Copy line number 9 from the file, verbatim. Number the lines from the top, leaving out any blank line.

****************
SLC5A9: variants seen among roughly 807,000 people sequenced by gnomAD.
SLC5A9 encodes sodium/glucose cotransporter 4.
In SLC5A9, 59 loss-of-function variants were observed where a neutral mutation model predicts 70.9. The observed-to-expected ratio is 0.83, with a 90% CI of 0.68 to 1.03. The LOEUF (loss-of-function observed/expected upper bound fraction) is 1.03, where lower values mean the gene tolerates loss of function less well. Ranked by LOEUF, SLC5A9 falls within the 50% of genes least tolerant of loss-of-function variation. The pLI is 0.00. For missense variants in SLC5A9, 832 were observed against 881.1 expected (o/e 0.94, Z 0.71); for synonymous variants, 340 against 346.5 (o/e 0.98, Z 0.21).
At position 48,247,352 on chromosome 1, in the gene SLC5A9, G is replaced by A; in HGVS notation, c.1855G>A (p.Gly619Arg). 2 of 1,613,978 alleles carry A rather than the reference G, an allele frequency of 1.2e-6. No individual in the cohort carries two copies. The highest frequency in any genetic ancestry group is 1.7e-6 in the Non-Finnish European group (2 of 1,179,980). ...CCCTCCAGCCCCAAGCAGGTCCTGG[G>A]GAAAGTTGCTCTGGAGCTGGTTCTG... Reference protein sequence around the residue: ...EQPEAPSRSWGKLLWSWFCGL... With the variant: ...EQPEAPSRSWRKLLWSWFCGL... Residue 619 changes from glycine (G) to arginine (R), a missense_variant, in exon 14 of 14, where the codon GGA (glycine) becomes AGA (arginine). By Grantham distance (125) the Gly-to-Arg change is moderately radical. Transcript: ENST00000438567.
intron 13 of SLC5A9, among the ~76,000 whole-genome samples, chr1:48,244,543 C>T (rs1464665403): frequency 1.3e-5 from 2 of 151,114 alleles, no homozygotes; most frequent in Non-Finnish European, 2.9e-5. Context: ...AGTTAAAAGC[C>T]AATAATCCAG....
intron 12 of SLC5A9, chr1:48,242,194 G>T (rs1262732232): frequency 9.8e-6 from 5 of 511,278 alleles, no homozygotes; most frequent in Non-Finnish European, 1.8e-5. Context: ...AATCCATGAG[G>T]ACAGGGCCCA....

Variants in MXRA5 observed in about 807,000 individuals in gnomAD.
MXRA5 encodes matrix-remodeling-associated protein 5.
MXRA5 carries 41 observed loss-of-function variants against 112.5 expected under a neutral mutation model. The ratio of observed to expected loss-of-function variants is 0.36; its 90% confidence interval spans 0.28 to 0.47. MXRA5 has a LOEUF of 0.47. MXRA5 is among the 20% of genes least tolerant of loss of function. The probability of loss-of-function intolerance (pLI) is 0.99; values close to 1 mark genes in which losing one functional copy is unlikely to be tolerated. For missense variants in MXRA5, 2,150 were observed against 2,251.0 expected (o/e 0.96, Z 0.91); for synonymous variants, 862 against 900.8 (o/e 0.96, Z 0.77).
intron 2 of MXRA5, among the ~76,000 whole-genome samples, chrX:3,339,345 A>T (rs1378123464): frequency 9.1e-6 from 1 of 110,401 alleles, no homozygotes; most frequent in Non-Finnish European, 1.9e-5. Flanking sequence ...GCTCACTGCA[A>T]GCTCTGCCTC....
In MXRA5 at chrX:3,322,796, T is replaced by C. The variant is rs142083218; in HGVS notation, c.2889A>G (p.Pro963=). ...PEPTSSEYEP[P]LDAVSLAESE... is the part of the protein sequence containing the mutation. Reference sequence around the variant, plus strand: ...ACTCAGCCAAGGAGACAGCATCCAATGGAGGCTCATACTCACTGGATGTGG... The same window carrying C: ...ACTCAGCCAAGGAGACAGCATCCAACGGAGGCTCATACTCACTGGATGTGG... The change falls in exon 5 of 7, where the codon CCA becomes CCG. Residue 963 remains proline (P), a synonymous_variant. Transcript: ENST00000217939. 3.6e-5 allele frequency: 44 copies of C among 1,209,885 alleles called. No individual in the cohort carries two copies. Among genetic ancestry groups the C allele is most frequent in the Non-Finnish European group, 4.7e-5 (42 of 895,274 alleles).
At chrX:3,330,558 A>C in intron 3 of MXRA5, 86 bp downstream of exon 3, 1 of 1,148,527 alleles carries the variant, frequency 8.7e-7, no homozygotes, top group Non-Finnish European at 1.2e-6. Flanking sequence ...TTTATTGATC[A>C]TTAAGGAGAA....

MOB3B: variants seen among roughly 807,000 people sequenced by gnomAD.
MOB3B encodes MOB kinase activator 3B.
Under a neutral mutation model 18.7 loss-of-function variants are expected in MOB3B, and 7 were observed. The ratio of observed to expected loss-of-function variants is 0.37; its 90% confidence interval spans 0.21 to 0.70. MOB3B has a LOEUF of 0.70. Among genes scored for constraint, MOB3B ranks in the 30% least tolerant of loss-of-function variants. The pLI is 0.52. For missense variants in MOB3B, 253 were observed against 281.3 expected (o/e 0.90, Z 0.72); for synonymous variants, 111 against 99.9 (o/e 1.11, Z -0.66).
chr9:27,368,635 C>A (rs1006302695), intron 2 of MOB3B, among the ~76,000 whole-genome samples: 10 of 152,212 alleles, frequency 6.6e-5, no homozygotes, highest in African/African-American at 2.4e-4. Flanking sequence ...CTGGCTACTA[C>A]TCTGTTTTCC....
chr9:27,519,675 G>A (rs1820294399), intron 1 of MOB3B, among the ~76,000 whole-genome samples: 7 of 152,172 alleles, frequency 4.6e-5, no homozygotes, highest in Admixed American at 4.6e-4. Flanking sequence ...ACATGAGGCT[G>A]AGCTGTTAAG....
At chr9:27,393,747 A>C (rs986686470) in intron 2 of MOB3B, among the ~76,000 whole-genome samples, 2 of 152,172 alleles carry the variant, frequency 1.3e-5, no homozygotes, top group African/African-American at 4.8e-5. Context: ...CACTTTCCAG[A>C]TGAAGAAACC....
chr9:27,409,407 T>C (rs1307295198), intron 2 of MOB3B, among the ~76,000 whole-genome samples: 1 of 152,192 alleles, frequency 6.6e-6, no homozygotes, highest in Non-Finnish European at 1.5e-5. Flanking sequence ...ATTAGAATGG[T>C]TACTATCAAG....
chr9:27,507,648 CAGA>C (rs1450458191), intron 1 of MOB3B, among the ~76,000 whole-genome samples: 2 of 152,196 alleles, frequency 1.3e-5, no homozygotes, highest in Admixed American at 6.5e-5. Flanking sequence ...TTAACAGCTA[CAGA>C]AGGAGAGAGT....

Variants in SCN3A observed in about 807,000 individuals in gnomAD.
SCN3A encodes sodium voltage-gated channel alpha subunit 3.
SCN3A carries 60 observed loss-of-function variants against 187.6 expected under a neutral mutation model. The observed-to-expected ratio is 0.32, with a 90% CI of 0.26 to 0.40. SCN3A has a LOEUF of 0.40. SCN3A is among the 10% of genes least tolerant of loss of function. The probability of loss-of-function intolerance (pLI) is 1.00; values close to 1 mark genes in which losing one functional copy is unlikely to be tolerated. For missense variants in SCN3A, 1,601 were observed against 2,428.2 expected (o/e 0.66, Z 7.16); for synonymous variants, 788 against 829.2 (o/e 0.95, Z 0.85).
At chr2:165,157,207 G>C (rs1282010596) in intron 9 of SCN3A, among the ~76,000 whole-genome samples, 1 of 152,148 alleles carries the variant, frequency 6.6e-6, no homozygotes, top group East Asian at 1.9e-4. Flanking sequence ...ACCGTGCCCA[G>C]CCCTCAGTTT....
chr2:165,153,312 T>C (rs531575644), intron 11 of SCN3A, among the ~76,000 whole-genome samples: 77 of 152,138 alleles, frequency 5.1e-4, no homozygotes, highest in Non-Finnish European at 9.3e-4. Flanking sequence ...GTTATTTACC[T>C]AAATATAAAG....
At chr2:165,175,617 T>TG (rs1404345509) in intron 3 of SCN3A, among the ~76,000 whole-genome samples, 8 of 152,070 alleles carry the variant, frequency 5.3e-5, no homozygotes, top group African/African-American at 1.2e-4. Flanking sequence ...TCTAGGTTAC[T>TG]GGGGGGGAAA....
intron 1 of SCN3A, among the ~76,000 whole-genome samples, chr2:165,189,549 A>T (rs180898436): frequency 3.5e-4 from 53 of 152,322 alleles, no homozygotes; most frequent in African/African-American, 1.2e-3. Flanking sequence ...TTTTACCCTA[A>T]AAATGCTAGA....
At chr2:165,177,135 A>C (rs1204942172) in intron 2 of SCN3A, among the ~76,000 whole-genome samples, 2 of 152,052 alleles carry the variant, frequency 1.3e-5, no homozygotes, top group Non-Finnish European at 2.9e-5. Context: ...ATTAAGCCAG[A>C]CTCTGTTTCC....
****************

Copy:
MXRA5 carries 41 observed loss-of-function variants against 112.5 expected under a neutral mutation model. The ratio of observed to expected loss-of-function variants is 0.36; its 90% confidence interval spans 0.28 to 0.47. MXRA5 has a LOEUF of 0.47. MXRA5 is among the 20% of genes least tolerant of loss of function. The probability of loss-of-function intolerance (pLI) is 0.99; values close to 1 mark genes in which losing one functional copy is unlikely to be tolerated. For missense variants in MXRA5, 2,150 were observed against 2,251.0 expected (o/e 0.96, Z 0.91); for synonymous variants, 862 against 900.8 (o/e 0.96, Z 0.77).